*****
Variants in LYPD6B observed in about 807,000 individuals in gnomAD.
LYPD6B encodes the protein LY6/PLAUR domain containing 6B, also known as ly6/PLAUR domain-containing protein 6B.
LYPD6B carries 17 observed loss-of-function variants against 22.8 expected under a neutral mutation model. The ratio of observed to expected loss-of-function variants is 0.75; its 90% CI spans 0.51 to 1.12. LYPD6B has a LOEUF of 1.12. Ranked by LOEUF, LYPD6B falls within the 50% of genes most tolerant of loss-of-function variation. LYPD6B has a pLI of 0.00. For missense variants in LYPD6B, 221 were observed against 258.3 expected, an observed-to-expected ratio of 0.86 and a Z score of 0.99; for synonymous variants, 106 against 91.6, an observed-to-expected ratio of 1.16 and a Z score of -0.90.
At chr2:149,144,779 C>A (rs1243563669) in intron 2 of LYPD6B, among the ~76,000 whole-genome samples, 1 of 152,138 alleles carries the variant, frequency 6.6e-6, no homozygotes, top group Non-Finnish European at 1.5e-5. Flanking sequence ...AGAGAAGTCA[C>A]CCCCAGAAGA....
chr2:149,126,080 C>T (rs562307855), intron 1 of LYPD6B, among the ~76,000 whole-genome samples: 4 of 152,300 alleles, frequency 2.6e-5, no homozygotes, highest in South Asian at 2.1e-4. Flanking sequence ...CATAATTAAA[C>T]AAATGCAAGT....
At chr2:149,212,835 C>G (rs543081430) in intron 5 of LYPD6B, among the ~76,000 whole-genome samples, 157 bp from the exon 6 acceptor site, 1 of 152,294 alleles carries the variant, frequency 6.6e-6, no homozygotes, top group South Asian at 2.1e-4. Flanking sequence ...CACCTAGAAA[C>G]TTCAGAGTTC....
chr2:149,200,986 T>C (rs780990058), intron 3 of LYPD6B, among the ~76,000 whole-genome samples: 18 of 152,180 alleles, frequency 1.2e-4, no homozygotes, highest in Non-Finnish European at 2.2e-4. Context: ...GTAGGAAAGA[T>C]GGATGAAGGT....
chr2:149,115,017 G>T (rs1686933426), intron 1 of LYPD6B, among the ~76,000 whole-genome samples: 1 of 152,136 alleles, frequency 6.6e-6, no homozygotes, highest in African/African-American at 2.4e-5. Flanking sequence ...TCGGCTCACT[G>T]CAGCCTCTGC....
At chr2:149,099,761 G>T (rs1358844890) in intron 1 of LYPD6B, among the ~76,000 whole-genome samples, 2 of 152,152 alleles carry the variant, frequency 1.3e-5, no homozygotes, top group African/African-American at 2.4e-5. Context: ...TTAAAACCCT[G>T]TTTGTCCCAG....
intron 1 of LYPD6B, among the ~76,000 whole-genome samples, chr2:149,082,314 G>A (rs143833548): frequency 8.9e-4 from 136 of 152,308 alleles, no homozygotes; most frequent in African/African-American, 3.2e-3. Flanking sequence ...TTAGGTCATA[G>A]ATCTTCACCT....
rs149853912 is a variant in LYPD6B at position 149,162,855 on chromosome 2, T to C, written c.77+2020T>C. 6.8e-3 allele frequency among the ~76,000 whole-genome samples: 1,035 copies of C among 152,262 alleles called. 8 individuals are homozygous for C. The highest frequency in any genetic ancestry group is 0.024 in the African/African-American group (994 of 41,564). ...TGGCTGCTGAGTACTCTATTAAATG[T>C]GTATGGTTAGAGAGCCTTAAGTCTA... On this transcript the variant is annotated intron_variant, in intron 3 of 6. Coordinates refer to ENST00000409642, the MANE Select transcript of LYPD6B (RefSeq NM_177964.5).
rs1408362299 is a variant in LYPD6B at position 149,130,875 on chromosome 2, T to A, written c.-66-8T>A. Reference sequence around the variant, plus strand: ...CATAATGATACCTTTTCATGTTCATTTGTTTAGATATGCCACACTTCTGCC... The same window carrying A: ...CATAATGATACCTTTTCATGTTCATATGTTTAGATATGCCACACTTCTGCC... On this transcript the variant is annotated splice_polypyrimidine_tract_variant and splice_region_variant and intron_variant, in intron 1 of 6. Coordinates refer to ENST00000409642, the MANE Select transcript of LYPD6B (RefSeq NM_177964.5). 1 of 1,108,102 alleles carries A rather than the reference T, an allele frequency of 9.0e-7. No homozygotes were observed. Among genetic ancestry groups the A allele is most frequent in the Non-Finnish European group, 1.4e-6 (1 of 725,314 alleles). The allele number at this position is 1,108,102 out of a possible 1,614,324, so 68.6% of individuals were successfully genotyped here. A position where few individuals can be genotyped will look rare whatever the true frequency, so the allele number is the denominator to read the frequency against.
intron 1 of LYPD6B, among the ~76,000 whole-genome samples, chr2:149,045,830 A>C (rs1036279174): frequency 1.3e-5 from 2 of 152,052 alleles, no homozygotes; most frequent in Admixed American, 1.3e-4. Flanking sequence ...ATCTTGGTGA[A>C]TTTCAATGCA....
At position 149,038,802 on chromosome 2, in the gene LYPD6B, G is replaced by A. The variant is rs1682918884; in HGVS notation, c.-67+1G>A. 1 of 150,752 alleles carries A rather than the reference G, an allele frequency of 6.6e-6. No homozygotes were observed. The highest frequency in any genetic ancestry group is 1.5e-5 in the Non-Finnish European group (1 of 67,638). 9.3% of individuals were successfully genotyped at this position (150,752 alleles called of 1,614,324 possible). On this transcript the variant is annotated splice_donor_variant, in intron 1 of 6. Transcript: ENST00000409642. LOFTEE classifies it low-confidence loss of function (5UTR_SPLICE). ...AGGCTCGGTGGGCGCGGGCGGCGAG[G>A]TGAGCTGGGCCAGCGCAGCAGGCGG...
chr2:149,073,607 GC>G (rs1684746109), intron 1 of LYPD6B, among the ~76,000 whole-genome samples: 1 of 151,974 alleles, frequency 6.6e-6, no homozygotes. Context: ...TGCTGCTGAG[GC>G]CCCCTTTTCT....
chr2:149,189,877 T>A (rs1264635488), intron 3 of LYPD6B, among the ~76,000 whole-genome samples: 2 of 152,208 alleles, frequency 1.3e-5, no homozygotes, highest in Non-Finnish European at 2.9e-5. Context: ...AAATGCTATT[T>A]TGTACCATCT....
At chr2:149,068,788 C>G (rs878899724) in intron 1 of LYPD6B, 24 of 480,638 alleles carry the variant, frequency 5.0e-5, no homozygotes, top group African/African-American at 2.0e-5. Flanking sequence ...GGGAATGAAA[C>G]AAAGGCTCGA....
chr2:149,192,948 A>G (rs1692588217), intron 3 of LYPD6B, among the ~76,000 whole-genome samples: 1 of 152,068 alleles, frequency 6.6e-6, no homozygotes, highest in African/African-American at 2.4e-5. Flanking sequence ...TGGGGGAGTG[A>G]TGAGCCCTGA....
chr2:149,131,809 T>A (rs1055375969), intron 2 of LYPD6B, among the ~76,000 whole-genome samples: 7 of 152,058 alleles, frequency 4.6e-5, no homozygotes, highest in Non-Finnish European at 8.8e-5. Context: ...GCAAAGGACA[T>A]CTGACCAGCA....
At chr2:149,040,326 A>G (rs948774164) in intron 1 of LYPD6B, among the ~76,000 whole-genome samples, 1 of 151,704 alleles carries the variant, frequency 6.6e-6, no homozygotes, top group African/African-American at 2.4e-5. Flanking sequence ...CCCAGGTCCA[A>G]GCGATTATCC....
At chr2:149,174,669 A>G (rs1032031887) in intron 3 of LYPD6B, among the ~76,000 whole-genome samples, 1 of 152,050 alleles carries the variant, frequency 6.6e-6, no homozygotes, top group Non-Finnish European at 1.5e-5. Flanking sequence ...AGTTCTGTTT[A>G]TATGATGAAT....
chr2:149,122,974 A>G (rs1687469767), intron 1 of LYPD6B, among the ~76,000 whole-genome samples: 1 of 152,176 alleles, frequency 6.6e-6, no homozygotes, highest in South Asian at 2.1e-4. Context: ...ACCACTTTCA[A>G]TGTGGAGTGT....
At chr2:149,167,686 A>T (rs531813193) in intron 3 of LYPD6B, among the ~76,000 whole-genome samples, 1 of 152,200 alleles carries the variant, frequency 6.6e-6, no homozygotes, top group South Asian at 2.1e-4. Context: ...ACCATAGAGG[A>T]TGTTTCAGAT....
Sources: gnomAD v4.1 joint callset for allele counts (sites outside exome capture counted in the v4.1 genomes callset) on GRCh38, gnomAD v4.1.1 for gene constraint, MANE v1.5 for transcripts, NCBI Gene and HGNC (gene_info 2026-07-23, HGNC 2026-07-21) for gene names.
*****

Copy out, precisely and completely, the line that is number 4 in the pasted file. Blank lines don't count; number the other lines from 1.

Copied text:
At chr2:149,144,779 C>A (rs1243563669) in intron 2 of LYPD6B, among the ~76,000 whole-genome samples, 1 of 152,138 alleles carries the variant, frequency 6.6e-6, no homozygotes, top group Non-Finnish European at 1.5e-5. Flanking sequence ...AGAGAAGTCA[C>A]CCCCAGAAGA....